Apocalypse Now is my favorite film and it is an excellent adaptation of Conrad's Heart of Darkness. I've seen the movie around 80 times and have read the novella at least 12 times. It is a powerful examination of the fine line between civilization and madness and what these things mean to the soul of the individual. In many cases the so-called civilized characters are the most decadent and debased. The story works on you on a subtle but powerful level. A must read for any age.A side recommendation here: the fantasy writings of Robert E. Howard. Everyone knows the generally crappy films of his characters Conan and Kull but the stories themselves often explore similar themes to Heart of Darkness. His characters are very Existential and human.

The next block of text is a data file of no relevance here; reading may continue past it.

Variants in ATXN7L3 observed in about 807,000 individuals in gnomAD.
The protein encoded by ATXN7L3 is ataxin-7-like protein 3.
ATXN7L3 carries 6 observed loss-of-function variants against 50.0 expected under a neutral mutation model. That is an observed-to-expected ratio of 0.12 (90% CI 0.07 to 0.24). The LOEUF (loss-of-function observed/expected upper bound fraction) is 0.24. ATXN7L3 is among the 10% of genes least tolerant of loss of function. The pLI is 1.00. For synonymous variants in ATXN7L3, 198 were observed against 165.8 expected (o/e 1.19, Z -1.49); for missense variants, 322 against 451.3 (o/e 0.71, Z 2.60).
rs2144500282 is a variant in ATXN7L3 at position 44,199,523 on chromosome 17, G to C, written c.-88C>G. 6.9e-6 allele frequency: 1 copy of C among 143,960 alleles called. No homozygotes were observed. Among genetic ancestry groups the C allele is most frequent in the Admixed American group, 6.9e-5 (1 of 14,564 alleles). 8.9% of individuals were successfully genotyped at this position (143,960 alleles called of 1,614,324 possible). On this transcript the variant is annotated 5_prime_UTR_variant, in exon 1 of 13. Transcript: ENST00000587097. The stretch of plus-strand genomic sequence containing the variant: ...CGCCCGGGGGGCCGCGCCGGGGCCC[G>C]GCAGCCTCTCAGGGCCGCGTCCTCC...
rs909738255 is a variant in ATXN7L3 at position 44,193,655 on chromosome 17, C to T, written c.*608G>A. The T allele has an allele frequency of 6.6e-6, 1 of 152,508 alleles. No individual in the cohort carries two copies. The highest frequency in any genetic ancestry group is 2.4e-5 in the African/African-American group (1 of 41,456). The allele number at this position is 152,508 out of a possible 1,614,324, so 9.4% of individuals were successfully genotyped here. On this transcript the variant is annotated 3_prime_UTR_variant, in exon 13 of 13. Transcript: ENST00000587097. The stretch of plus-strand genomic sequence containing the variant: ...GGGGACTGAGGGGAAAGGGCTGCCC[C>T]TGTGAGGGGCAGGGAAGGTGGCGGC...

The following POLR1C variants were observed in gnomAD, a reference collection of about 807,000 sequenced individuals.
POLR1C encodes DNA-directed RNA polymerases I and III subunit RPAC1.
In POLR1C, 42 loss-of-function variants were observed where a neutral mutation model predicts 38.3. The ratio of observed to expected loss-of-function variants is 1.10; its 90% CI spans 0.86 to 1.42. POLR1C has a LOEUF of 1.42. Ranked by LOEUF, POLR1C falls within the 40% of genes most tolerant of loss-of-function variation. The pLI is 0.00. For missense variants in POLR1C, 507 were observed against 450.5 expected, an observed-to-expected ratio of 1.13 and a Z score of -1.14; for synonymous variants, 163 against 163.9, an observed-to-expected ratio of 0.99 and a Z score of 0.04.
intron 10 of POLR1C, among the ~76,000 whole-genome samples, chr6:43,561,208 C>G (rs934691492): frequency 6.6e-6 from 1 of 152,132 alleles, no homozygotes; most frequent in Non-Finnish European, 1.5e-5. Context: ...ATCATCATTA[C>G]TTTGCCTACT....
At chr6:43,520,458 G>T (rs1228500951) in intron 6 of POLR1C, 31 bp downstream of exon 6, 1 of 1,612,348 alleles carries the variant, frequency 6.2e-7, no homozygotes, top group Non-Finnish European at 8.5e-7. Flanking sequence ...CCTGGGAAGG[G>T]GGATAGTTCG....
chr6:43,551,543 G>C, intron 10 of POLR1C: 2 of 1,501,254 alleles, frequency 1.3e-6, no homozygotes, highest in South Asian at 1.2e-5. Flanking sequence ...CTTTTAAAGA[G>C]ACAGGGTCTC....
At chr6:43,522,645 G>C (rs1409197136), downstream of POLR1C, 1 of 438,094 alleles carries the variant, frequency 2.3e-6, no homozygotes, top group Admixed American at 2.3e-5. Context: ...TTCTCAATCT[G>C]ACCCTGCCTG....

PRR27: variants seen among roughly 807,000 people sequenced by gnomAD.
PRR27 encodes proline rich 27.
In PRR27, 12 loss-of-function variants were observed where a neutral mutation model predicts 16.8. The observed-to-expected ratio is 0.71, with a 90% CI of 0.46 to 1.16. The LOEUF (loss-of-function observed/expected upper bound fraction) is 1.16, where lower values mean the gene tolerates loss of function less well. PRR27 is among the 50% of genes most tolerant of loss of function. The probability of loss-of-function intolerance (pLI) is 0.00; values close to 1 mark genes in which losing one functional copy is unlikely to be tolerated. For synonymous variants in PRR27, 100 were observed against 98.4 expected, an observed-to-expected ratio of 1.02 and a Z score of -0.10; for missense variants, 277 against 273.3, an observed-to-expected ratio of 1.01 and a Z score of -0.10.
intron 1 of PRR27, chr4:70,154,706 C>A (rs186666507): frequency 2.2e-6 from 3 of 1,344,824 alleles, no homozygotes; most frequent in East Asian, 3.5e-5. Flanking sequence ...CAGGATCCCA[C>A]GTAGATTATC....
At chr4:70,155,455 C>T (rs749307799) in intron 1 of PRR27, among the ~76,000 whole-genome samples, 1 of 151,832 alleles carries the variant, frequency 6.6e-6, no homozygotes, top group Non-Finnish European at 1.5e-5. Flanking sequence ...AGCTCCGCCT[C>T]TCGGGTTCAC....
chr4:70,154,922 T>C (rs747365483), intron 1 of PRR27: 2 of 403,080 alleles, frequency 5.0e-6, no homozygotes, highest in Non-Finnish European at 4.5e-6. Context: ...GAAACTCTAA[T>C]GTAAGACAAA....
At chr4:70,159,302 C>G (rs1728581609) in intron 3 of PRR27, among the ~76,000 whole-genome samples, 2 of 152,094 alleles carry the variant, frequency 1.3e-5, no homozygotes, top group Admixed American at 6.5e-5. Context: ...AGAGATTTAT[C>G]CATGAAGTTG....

• Chris
    2019-03-10 03:33